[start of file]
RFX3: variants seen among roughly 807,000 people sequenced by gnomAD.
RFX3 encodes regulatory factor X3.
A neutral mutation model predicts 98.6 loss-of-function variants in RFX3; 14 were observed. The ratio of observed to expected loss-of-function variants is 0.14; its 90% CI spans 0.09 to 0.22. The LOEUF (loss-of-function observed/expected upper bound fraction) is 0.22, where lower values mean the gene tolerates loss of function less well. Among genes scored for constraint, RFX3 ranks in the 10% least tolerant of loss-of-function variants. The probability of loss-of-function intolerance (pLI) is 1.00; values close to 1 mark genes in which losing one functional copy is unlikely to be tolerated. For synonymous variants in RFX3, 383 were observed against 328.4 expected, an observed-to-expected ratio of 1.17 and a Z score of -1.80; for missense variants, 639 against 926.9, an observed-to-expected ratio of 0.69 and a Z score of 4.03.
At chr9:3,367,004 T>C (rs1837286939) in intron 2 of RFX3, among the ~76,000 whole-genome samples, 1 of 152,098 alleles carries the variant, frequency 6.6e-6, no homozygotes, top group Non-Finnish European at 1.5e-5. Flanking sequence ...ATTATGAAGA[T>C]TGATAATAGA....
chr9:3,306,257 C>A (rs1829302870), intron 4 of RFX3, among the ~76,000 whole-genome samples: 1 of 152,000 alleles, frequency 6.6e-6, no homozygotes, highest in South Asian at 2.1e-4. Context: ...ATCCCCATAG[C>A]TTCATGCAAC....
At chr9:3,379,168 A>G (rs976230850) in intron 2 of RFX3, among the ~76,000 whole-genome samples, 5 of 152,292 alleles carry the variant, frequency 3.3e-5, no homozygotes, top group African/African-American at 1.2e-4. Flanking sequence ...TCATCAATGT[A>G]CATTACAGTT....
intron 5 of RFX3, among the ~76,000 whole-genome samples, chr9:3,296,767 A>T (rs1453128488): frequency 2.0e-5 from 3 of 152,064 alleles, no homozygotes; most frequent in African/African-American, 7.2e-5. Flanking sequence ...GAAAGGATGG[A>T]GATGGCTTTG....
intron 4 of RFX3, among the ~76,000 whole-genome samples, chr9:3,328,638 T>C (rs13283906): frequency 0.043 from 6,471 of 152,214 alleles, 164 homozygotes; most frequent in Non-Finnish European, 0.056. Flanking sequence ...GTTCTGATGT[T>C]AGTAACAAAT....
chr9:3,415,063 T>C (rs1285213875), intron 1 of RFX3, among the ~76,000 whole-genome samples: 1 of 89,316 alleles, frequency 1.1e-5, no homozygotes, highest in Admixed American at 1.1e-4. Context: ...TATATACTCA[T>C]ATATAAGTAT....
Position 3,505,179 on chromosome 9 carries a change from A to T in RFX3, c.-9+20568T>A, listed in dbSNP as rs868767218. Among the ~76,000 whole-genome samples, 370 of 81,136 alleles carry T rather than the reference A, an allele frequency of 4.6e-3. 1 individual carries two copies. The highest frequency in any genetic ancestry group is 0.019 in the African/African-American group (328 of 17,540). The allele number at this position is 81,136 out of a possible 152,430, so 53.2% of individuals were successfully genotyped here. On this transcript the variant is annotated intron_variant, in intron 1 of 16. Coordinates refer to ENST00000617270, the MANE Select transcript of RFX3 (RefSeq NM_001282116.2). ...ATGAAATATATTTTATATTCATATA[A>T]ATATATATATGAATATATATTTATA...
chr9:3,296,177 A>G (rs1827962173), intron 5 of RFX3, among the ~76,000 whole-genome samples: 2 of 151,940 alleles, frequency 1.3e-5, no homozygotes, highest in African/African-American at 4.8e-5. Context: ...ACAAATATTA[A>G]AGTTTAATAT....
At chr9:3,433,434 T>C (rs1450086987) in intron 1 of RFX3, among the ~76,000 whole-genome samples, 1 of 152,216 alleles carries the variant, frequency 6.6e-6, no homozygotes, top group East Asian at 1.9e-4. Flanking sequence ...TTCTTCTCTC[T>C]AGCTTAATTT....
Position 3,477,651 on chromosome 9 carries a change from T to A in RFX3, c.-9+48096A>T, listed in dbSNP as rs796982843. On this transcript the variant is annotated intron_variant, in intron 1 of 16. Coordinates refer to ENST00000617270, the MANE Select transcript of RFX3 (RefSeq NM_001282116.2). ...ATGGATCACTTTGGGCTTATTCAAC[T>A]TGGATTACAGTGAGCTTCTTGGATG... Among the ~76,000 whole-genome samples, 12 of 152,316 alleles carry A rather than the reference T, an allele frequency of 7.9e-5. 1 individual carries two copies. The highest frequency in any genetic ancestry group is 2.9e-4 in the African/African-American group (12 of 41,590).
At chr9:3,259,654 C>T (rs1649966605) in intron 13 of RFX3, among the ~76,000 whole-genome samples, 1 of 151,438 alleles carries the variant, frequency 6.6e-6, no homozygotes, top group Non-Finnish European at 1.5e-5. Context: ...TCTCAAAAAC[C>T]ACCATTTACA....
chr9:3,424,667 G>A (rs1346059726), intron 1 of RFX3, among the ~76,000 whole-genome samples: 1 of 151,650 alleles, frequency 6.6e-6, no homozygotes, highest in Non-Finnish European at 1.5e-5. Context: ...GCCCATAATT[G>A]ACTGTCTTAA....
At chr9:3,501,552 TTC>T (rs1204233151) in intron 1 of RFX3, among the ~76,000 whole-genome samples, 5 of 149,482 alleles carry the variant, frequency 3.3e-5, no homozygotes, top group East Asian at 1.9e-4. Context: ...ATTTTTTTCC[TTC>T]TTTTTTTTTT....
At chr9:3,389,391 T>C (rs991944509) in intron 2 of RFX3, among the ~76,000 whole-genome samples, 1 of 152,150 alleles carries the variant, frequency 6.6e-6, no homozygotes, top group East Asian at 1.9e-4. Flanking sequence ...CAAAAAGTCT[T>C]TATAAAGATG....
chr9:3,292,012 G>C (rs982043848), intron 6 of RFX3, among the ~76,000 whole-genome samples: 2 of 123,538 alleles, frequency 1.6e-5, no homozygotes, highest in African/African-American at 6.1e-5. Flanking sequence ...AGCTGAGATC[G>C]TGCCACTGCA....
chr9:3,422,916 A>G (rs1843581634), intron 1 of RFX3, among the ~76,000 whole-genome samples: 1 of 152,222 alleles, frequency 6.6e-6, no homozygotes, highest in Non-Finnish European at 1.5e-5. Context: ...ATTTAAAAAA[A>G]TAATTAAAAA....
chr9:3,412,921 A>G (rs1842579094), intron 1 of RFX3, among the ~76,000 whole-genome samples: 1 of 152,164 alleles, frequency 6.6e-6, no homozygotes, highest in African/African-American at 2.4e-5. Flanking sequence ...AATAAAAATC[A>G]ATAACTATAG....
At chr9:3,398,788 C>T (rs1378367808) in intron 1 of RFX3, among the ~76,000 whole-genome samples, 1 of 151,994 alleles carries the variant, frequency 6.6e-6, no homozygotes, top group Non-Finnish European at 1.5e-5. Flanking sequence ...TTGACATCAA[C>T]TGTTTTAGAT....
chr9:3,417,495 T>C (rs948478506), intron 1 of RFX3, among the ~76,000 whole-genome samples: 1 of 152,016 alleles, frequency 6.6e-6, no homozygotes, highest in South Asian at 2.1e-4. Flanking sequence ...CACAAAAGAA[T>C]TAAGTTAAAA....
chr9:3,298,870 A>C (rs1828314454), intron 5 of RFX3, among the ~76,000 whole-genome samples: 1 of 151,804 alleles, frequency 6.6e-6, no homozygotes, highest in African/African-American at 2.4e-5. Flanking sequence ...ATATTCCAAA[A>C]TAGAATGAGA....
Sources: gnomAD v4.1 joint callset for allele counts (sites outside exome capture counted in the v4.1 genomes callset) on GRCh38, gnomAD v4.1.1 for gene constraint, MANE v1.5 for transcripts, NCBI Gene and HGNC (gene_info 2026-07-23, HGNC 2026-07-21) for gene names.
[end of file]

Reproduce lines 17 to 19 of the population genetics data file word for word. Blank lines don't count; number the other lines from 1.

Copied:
At chr9:3,389,391 T>C (rs991944509) in intron 2 of RFX3, among the ~76,000 whole-genome samples, 1 of 152,150 alleles carries the variant, frequency 6.6e-6, no homozygotes, top group East Asian at 1.9e-4. Flanking sequence ...CAAAAAGTCT[T>C]TATAAAGATG....
chr9:3,292,012 G>C (rs982043848), intron 6 of RFX3, among the ~76,000 whole-genome samples: 2 of 123,538 alleles, frequency 1.6e-5, no homozygotes, highest in African/African-American at 6.1e-5. Flanking sequence ...AGCTGAGATC[G>C]TGCCACTGCA....
chr9:3,422,916 A>G (rs1843581634), intron 1 of RFX3, among the ~76,000 whole-genome samples: 1 of 152,222 alleles, frequency 6.6e-6, no homozygotes, highest in Non-Finnish European at 1.5e-5. Context: ...ATTTAAAAAA[A>G]TAATTAAAAA....